6. In the penultimate step, VeraCrypt will prompt you to enter a strong password. Follow the tips offered by the program. Here’s our tip: You can create easy to remember, yet strong passwords using phrases. For instance, for VeraCrypt you could go for something like “From 2018 I will store my data in a secure VeraCrypt vault”, which gives “F2018IwsmdiasVCv”. Passwords such as these are impossible for hackers to guess. To ensure you’ve entered your password correctly, enter it in both fields and then click Next. You can ignore the warning that your password should be 20 characters or longer. While the principle of “the longer, the better” applies, anything over 12 characters in length is usually secure. Just don’t go forgetting this password, because if you’ve moved important information to the vault and then you go forgetting the password, you will not be able to access this data again! As such, jot down your password – and keep this piece of paper (or whatever you use) somewhere safe. In the final step, move the mouse pointer around within the window until the bar turns green and is filled completely. This improves the cryptographic strength of the encryption keys based on the randomness collected from your mouse movements. Now click Format.
  7. It will take a few seconds for the program to create your data vault. Once done, click OK and then Exit.

How to add files to your VeraCrypt vault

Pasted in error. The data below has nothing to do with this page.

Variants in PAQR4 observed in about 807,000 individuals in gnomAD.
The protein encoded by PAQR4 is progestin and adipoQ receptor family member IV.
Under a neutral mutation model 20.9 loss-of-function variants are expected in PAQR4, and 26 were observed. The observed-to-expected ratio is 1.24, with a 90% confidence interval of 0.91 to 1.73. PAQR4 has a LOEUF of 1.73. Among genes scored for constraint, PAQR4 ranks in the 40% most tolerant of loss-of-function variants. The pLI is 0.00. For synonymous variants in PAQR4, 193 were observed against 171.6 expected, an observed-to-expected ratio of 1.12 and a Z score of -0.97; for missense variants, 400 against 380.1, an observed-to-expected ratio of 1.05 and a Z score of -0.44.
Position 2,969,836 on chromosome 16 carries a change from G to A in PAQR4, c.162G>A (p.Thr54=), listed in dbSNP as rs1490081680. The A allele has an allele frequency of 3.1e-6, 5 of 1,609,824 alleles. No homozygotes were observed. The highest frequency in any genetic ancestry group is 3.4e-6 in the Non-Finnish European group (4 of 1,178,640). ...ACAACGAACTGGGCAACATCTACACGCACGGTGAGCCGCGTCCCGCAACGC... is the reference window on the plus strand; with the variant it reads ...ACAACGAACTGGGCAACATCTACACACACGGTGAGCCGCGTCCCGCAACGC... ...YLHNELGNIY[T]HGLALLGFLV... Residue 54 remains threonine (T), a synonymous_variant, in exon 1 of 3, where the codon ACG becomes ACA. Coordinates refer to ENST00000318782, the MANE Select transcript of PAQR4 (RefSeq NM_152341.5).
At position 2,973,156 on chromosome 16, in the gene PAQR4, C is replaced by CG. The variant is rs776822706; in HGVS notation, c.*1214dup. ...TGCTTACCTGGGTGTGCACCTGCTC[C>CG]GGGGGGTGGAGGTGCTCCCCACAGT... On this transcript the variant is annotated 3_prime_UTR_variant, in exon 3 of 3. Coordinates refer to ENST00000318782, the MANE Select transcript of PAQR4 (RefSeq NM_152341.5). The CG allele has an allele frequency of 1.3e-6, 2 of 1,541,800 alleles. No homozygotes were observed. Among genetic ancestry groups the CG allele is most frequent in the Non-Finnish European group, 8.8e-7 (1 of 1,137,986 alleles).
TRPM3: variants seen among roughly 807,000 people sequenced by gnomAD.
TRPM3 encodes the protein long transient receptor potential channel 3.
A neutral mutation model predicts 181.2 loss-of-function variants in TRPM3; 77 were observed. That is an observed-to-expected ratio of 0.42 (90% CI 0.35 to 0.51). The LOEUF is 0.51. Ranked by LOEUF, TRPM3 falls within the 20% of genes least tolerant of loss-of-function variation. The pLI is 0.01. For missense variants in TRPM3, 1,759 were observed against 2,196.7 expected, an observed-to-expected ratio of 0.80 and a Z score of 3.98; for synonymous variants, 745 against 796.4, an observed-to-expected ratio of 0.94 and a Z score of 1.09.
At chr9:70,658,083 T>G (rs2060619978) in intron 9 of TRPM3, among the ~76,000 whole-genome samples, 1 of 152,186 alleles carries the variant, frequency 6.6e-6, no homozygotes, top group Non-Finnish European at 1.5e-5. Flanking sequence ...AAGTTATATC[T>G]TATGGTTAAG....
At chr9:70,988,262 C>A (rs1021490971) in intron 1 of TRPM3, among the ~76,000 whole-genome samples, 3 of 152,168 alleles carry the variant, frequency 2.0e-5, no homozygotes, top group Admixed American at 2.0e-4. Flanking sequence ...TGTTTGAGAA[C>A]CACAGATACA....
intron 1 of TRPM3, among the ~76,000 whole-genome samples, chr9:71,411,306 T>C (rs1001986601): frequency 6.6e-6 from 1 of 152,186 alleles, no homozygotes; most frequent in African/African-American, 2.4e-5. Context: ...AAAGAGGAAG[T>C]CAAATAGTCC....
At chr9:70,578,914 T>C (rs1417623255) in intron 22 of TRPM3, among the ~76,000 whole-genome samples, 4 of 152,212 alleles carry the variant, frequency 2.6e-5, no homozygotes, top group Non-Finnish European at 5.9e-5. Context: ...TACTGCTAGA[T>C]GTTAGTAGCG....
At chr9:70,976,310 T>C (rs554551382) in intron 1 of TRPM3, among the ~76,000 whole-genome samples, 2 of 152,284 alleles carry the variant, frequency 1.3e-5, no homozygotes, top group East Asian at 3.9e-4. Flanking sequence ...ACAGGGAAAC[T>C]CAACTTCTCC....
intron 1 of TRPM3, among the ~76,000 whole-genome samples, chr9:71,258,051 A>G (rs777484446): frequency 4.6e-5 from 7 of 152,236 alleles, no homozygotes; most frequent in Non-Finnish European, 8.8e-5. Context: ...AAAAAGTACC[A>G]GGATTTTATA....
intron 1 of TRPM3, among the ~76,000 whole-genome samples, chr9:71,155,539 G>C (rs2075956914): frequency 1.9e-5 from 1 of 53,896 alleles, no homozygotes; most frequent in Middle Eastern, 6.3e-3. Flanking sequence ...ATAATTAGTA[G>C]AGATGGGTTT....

1. Start VeraCrypt and select an unassigned drive letter. “T”, for instance, is hardly used as a default letter for drives. If you’re unsure, open Explorer by pressing Windows + E and take a look in the navigation area on the left under This PC to see which letters have already been assigned. If it’s unassigned, select T. Now click Select File and choose the container file you created in step 4 (in the example, “Data Vault”). Click Mount.
  1. Enter the password you set in step 7, then click OK. After a few seconds you’ll see a new drive in Windows Explorer. Based on our example, it’ll be called “Local Disk (T:)”. You can now use this drive just like any other regular drive. Move (don’t copy!) any documents and files you want to protect. Once you’ve done this, in VeraCrypt simply click Dismount or close VeraCrypt – just make sure that any container files are no longer open.

How to open files in the vault

If you haven’t started VeraCrypt, you won’t find the drive containing your data in Windows Explorer. You will only be able to do so once you’ve “mounted” the drive again using VeraCrypt, as described above. Once you’ve done this, you’ll then find the drive listed again in Explorer and you’ll be able to open your data as usual by double clicking it.

Essential: Create backups

Should your hard disk, and as a result the container, suffer a failure, you’ll lose all your data. For this reason, create regular backups. The easiest way to do so is to copy the data-vault folder to an external hard disk or a USB stick.